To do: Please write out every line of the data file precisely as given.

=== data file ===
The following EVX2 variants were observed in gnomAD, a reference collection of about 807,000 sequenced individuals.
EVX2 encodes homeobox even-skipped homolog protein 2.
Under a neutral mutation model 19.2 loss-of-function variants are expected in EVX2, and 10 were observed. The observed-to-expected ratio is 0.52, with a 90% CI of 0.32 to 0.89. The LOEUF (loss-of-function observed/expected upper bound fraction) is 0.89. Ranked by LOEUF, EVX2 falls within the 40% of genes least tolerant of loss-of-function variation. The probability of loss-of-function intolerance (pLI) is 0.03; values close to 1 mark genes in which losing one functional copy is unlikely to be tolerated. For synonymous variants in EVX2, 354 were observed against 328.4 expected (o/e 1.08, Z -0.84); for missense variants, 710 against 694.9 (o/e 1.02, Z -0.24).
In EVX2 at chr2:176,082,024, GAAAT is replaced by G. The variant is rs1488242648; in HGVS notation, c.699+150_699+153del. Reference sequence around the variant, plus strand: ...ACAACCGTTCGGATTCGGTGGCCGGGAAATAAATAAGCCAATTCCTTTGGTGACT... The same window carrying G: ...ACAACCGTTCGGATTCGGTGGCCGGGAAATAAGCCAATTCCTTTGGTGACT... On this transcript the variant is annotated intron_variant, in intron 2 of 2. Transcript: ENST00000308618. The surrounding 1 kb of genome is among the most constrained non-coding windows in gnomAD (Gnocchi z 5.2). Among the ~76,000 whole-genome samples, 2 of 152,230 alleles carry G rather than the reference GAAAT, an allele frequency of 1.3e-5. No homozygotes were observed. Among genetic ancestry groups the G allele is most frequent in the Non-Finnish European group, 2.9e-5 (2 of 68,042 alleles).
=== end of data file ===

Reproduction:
The following EVX2 variants were observed in gnomAD, a reference collection of about 807,000 sequenced individuals.
EVX2 encodes homeobox even-skipped homolog protein 2.
Under a neutral mutation model 19.2 loss-of-function variants are expected in EVX2, and 10 were observed. The observed-to-expected ratio is 0.52, with a 90% CI of 0.32 to 0.89. The LOEUF (loss-of-function observed/expected upper bound fraction) is 0.89. Ranked by LOEUF, EVX2 falls within the 40% of genes least tolerant of loss-of-function variation. The probability of loss-of-function intolerance (pLI) is 0.03; values close to 1 mark genes in which losing one functional copy is unlikely to be tolerated. For synonymous variants in EVX2, 354 were observed against 328.4 expected (o/e 1.08, Z -0.84); for missense variants, 710 against 694.9 (o/e 1.02, Z -0.24).
In EVX2 at chr2:176,082,024, GAAAT is replaced by G. The variant is rs1488242648; in HGVS notation, c.699+150_699+153del. Reference sequence around the variant, plus strand: ...ACAACCGTTCGGATTCGGTGGCCGGGAAATAAATAAGCCAATTCCTTTGGTGACT... The same window carrying G: ...ACAACCGTTCGGATTCGGTGGCCGGGAAATAAGCCAATTCCTTTGGTGACT... On this transcript the variant is annotated intron_variant, in intron 2 of 2. Transcript: ENST00000308618. The surrounding 1 kb of genome is among the most constrained non-coding windows in gnomAD (Gnocchi z 5.2). Among the ~76,000 whole-genome samples, 2 of 152,230 alleles carry G rather than the reference GAAAT, an allele frequency of 1.3e-5. No homozygotes were observed. Among genetic ancestry groups the G allele is most frequent in the Non-Finnish European group, 2.9e-5 (2 of 68,042 alleles).